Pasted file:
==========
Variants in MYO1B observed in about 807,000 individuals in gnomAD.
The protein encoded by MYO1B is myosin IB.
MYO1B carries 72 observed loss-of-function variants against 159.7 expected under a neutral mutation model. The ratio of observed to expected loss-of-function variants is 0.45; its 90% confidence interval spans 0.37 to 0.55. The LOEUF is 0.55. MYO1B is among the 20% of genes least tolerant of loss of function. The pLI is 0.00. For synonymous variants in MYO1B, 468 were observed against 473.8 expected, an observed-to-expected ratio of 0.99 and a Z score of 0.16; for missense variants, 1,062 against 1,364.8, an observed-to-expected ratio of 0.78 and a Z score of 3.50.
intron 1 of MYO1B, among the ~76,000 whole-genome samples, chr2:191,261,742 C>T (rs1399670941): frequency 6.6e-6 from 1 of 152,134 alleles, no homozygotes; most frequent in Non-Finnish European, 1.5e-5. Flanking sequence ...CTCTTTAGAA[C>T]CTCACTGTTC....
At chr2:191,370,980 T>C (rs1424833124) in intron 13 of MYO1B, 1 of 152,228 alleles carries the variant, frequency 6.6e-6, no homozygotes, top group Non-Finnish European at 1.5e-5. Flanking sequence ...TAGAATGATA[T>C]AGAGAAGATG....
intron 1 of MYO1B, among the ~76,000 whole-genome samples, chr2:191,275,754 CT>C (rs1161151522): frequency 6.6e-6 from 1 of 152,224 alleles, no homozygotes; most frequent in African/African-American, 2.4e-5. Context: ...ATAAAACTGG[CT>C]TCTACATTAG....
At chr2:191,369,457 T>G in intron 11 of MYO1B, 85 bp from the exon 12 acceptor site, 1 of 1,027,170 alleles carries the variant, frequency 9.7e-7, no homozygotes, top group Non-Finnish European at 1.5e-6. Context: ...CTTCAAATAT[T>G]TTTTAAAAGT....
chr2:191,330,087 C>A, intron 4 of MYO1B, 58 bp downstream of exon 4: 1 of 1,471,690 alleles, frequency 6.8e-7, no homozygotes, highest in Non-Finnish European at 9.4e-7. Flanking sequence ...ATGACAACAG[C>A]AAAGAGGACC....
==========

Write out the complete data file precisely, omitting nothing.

Variants in MYO1B observed in about 807,000 individuals in gnomAD.
The protein encoded by MYO1B is myosin IB.
MYO1B carries 72 observed loss-of-function variants against 159.7 expected under a neutral mutation model. The ratio of observed to expected loss-of-function variants is 0.45; its 90% confidence interval spans 0.37 to 0.55. The LOEUF is 0.55. MYO1B is among the 20% of genes least tolerant of loss of function. The pLI is 0.00. For synonymous variants in MYO1B, 468 were observed against 473.8 expected, an observed-to-expected ratio of 0.99 and a Z score of 0.16; for missense variants, 1,062 against 1,364.8, an observed-to-expected ratio of 0.78 and a Z score of 3.50.
intron 1 of MYO1B, among the ~76,000 whole-genome samples, chr2:191,261,742 C>T (rs1399670941): frequency 6.6e-6 from 1 of 152,134 alleles, no homozygotes; most frequent in Non-Finnish European, 1.5e-5. Flanking sequence ...CTCTTTAGAA[C>T]CTCACTGTTC....
At chr2:191,370,980 T>C (rs1424833124) in intron 13 of MYO1B, 1 of 152,228 alleles carries the variant, frequency 6.6e-6, no homozygotes, top group Non-Finnish European at 1.5e-5. Flanking sequence ...TAGAATGATA[T>C]AGAGAAGATG....
intron 1 of MYO1B, among the ~76,000 whole-genome samples, chr2:191,275,754 CT>C (rs1161151522): frequency 6.6e-6 from 1 of 152,224 alleles, no homozygotes; most frequent in African/African-American, 2.4e-5. Context: ...ATAAAACTGG[CT>C]TCTACATTAG....
At chr2:191,369,457 T>G in intron 11 of MYO1B, 85 bp from the exon 12 acceptor site, 1 of 1,027,170 alleles carries the variant, frequency 9.7e-7, no homozygotes, top group Non-Finnish European at 1.5e-6. Context: ...CTTCAAATAT[T>G]TTTTAAAAGT....
chr2:191,330,087 C>A, intron 4 of MYO1B, 58 bp downstream of exon 4: 1 of 1,471,690 alleles, frequency 6.8e-7, no homozygotes, highest in Non-Finnish European at 9.4e-7. Flanking sequence ...ATGACAACAG[C>A]AAAGAGGACC....